In less than 30 minutes, the Conservative cabinet unanimously agreed to close Bohanam House in Gloucester, Orchard House in Bishops Cleeve, The Elms in Stonehouse and Westbury Court in Westbury-on-Severn, forcing more than 80 residents out of their care homes.
Included in those who voted for the closure of these homes was the new cabinet member of Public Health, who personally handed in a petition from more than 540 people opposed to the closure of The Elms in his own division of Stonehouse.
The cabinet said it approved the recommendation after considering feedback from the recent six-week consultation with residents, their relatives and staff as well as the results of engagement with the local care market.
But the opposing Liberal Democrats said the consultation uncovered great concern that residents would significantly deteriorate if forcibly moved and that close friendships would be broken up with the closure of the homes. This feedback was included in today’s cabinet report, but made no change to the recommendations approved.
Cllr Jeremy Hilton, Liberal Democrat group spokesperson for Public Protection and Adult Social Care, said: “We are extremely concerned about Cabinet’s decision to close the four homes, including Bohanam House in my own Gloucester Division. It became clear, under questioning, that the Cabinet’s decision was led by a desire to protect the private market, at a cost to our publicly run homes. This comes in spite of the consistently high occupancy of all four care homes prior to the pandemic and the good ratings from the Care Quality Commission.
“More than 2,000 residents, family members and staff petitioned against these care home closures yet this, along with all the consultation feedback, has counted for nothing at today’s meeting.
“It is a continuation of this administration’s history of pulling out of public sector provision, which will eventually make us completely reliant upon privately run homes. We should be using our public sector homes to drive up standards across the market of care, not simply rolling over and allowing the privately run businesses to run us out of town.”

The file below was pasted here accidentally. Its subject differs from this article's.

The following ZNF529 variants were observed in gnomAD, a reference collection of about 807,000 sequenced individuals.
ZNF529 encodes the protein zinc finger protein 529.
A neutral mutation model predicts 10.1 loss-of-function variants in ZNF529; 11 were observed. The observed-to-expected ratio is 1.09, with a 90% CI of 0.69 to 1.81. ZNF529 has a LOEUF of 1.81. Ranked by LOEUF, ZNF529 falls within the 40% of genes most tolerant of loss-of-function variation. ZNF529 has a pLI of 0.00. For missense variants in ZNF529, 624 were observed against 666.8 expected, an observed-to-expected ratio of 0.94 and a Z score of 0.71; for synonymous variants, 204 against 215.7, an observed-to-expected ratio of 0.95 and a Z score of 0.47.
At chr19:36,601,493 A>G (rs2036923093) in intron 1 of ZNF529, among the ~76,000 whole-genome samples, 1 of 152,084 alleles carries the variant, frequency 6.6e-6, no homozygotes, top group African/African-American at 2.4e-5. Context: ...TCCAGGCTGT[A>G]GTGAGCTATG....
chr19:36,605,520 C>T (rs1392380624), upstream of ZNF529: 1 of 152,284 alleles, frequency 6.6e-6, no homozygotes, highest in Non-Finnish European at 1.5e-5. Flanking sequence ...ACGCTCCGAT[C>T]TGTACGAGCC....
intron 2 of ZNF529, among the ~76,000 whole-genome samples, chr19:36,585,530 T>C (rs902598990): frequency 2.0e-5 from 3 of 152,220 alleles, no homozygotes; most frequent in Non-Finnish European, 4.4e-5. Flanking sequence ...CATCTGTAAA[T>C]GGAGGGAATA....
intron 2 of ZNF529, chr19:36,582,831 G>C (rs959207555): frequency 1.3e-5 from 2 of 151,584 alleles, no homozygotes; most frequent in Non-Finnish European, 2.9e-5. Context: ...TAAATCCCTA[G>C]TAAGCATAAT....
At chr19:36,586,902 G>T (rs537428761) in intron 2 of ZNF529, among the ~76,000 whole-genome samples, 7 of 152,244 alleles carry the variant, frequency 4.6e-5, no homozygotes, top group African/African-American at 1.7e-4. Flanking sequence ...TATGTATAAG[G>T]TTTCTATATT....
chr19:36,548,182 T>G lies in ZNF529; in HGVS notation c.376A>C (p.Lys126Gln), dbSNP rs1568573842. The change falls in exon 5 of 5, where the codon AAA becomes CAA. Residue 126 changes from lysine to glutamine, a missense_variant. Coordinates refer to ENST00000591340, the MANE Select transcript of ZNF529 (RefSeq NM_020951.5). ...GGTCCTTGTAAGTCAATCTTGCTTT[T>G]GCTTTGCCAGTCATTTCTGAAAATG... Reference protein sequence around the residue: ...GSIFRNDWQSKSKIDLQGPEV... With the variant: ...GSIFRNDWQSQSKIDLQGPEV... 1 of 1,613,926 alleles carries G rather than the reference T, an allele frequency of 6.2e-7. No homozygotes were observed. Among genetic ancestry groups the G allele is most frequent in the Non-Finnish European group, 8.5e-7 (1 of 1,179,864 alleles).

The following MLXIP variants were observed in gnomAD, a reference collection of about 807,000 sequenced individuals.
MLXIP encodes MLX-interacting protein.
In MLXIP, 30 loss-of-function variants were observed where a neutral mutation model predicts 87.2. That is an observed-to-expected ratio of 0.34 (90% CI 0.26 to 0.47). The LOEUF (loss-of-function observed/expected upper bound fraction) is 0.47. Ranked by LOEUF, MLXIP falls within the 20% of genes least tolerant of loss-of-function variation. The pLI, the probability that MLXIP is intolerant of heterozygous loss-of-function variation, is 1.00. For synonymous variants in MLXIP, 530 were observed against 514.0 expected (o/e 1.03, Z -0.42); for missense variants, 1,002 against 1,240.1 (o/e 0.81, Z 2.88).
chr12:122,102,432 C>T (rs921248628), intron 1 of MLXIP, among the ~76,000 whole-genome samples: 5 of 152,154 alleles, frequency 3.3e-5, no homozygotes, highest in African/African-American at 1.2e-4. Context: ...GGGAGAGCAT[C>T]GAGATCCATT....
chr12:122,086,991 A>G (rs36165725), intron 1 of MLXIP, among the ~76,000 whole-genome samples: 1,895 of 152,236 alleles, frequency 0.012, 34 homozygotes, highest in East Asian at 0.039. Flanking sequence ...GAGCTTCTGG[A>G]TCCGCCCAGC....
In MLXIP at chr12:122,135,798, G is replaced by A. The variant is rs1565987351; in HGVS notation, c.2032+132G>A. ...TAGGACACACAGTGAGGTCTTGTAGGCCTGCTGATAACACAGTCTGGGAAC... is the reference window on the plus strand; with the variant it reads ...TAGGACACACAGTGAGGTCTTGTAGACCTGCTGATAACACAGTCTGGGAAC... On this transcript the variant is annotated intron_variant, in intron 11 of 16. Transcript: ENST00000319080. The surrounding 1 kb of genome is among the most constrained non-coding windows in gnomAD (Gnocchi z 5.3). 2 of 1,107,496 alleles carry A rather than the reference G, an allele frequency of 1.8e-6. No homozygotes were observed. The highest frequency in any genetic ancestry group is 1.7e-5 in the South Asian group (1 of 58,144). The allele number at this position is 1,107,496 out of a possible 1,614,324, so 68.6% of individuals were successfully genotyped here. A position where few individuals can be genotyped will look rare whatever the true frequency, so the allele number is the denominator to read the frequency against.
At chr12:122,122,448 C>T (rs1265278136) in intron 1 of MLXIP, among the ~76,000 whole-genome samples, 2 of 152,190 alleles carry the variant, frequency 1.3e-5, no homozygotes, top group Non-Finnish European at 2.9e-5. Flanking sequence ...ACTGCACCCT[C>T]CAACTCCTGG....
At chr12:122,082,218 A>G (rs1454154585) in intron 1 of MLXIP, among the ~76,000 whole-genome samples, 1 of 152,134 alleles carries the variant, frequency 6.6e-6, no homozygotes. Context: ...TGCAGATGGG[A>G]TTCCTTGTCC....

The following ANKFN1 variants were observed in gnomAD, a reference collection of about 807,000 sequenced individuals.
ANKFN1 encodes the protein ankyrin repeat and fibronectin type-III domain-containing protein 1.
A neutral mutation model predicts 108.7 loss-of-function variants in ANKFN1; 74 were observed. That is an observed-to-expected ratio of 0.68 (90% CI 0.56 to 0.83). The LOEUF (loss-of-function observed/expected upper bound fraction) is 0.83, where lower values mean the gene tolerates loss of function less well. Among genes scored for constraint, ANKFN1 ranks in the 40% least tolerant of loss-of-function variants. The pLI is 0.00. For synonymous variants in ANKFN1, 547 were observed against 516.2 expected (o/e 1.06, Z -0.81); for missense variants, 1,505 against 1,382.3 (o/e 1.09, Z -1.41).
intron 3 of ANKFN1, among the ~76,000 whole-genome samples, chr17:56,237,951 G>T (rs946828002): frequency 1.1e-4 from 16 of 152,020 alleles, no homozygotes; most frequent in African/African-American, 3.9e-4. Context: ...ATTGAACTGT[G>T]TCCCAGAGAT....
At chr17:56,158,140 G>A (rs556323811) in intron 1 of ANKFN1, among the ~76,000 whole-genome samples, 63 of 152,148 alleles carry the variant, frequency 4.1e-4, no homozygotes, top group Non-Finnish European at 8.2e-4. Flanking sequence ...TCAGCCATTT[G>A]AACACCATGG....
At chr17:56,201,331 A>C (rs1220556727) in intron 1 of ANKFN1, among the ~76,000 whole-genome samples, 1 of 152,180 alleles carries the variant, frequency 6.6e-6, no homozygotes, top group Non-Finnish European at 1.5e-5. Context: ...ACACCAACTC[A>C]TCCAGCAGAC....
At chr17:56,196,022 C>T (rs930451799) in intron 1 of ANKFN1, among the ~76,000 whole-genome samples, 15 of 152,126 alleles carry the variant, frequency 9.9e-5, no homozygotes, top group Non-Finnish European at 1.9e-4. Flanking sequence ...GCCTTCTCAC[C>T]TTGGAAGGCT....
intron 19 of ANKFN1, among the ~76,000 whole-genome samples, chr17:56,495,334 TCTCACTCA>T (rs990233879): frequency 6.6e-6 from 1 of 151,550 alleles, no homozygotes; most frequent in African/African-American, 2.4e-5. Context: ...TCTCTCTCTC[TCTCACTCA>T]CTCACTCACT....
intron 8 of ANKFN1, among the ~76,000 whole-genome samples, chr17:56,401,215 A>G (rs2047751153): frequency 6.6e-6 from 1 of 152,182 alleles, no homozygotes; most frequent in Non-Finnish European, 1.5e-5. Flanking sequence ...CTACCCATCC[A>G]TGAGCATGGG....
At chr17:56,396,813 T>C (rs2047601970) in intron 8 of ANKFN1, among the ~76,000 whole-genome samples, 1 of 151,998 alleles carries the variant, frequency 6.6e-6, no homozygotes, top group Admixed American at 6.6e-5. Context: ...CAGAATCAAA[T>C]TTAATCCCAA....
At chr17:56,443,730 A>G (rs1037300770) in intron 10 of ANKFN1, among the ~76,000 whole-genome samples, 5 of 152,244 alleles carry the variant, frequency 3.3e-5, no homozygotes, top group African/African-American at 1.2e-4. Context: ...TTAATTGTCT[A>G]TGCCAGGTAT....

Mark Hawthorne, leader of Gloucestershire County Council, said: “Taking the decision to close someone’s home is never easy but, having considered all the information in front of us, it was the right one to make. Understandably the wider market conditions and issues are less important to the residents and families of these homes, but they are matters we must address in fulfilling our duty to support a stable and effective local care market.
“I know residents in these homes will be anxious about the future, but our dedicated social care staff will use all their skills and knowledge to minimise disruption for the residents of these homes. Thank you to everyone who took part in the consultation and market engagement.
“It important to remember that part of today’s decision was to invest in new, purpose-built facilities in areas of the county that need them most, helping to ensure care provision in Gloucestershire meets the needs of residents for the years ahead. Work will begin soon to ensure these plans are progressed.”
Any decision to call-in the care homes closure would need to be completed within five working days of yesterday, June 23.